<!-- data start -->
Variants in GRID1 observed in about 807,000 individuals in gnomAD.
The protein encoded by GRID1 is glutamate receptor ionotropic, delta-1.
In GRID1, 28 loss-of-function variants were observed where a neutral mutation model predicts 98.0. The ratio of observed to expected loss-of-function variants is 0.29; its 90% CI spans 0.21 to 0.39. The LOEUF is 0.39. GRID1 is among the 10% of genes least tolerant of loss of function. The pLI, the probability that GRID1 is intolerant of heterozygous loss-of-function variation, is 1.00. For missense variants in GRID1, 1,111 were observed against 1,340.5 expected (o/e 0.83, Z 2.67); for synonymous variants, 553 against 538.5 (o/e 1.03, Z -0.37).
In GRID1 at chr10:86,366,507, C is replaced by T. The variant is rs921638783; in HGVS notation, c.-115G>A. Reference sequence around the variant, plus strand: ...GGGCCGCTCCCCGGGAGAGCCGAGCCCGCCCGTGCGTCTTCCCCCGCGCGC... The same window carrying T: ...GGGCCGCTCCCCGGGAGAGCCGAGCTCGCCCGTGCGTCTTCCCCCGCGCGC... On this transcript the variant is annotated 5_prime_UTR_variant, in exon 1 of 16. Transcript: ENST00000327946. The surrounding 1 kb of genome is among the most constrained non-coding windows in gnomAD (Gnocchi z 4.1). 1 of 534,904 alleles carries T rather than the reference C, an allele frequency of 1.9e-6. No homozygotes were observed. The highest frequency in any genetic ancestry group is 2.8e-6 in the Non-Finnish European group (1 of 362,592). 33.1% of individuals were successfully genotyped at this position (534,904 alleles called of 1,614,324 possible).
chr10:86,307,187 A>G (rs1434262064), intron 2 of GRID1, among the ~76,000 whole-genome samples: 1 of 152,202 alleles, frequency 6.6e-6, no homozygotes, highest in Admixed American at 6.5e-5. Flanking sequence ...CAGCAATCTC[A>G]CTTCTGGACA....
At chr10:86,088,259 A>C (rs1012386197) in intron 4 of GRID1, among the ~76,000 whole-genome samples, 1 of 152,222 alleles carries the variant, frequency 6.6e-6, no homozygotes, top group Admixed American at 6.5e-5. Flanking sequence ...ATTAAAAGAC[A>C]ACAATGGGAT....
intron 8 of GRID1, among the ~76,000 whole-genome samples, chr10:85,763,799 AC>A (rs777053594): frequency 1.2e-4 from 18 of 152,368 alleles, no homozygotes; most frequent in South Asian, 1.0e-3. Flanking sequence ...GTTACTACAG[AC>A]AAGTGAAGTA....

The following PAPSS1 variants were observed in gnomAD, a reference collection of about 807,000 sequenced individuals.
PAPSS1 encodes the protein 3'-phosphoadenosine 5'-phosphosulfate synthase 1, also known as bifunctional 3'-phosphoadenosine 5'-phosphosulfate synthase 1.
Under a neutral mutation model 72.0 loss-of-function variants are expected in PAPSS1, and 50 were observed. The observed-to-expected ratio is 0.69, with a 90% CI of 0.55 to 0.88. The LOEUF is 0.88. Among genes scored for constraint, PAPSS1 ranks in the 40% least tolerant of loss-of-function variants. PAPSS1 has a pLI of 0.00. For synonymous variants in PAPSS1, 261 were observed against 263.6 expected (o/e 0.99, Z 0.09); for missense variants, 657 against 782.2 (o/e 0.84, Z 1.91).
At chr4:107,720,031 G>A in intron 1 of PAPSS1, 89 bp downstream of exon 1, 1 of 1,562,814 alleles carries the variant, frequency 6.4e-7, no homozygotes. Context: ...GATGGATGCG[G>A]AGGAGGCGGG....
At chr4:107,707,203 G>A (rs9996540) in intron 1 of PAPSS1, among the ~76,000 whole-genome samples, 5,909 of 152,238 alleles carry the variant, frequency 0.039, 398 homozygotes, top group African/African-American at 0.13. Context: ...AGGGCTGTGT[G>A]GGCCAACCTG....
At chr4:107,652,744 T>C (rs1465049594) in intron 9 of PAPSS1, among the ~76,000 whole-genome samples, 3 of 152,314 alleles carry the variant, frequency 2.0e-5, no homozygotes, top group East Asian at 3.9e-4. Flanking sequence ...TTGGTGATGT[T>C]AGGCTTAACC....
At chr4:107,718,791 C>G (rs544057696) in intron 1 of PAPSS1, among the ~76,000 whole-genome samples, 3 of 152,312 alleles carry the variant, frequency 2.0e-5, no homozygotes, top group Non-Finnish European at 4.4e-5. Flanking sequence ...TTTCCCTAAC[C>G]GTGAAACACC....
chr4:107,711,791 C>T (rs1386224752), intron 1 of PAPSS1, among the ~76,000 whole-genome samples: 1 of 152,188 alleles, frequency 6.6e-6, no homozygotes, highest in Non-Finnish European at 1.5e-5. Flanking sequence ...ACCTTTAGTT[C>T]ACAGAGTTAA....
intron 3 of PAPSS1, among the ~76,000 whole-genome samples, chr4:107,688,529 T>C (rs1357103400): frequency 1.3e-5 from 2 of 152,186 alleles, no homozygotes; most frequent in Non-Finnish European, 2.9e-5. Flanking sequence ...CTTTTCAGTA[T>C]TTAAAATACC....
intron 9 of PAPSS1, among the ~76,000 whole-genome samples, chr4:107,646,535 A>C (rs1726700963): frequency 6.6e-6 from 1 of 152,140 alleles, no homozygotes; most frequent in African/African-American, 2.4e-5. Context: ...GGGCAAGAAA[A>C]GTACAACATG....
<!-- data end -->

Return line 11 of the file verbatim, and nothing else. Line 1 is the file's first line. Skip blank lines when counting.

At chr4:107,720,031 G>A in intron 1 of PAPSS1, 89 bp downstream of exon 1, 1 of 1,562,814 alleles carries the variant, frequency 6.4e-7, no homozygotes. Context: ...GATGGATGCG[G>A]AGGAGGCGGG....